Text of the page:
With the first area of responder-related bias in the survey responses, there are a number of issues that need to be borne in mind when interpreting the RA-FIT results. Firstly, not all countries that were asked to participate actually responded to the survey. Of the original 119 countries, 72 percent (86/119) responded, within which there was an average completion rate for the survey of 70 percent. The point being made is that the sample is not necessarily representative of the full population (all IMF member countries), but sufficiently large to make comparisons between the respondents and draw some useful conclusions, which can be built on over time with future rounds of RA-FIT. This is most acute for HICs, of which only seven respondents participated, mainly in the Caribbean, Latin America, and southeastern Europe—the only HICs supported by RTACs or resident regional advisors.

The lack of responses to some sections of RA-FIT was often the result of an absence of available information in the case of the countries’ tax and customs administrations; some of them even lack basic IT systems. If tax and customs administrations were separate entities in a country, this often led to a survey response that lacked the customs elements, which were only completed in 73 percent (63/86) of cases for which RA-FIT returns were received.

Some countries were unable to provide data for all of the relevant years requested. There were some issues with how the questions were interpreted by respondents, often caused by uncertainty regarding definitions of key concepts such as what constitutes an audit, what constitutes tax arrears (including taxes in dispute, or just undisputed arrears), what constitutes an active taxpayer, categories of staff functions, and the scale that should be used when replying to questions requiring numeric values (for example, thousands versus millions). Many of these issues have been addressed in the second round of RA-FIT through clearer instructions to respondents, the new online interface, and greater engagement with partner organizations such as Inter-American Center of Tax Administrations (CIAT) and the World Customs Organization (WCO). Nevertheless, issues will no doubt continue to surface, and over time will need to be addressed and resolved.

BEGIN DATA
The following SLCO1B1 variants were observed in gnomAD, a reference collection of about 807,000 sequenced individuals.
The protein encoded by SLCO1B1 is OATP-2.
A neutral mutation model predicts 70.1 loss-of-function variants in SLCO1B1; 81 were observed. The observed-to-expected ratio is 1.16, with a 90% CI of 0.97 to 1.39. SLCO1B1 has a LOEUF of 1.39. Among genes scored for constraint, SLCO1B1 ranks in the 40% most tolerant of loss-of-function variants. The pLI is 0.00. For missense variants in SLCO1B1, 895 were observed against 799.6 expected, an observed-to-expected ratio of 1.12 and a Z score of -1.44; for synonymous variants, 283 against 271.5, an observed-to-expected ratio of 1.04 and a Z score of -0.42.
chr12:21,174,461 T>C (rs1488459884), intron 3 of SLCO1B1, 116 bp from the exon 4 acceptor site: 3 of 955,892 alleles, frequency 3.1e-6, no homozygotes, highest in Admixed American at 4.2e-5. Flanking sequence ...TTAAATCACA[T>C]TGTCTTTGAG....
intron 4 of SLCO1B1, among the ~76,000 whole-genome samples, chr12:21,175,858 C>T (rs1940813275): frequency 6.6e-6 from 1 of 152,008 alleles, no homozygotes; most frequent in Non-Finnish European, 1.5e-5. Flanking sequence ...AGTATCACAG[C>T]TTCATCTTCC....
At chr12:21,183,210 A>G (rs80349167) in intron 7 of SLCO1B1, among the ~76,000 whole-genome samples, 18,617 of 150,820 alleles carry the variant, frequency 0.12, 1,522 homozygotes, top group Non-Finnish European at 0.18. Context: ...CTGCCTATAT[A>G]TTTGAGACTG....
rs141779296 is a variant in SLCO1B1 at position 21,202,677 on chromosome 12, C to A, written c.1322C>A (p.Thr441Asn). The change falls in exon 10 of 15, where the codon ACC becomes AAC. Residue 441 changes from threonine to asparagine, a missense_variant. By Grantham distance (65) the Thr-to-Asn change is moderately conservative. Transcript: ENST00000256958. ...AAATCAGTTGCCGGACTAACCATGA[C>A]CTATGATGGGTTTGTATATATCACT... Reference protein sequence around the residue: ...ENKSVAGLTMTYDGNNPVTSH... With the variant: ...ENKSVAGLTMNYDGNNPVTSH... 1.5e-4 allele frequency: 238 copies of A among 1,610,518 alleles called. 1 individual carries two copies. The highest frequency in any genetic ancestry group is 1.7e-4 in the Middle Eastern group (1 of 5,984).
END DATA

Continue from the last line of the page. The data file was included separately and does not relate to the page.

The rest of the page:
The second area to consider is the structural nature of the data and the participants themselves. By their nature, the respondents are diverse. This fact will have an effect on the distribution of numeric values such as staff numbers, audit yield, GDP, population of taxpayers, and many ratios relating to these, such as tax revenue as a proportion of GDP and tax staff ratios, especially when reporting results summarized at an overall level (as opposed to income group or regional levels). The RA-FIT analysis did identify outliers in the response data and in some cases these were adjusted or transformed to mitigate their effect on the summary statistics used in the report. For example, where the data supplied were obviously erroneous—for example, expected annual returns for a specific tax type exceeded the number of registered taxpayers for the tax—these errors were addressed in consultation with country officials. On a related matter, many numeric values are highly skewed, with some extreme values, but the majority of values are at the lower end of the scale. Again, this has an effect on averages and totals that are reported in this paper.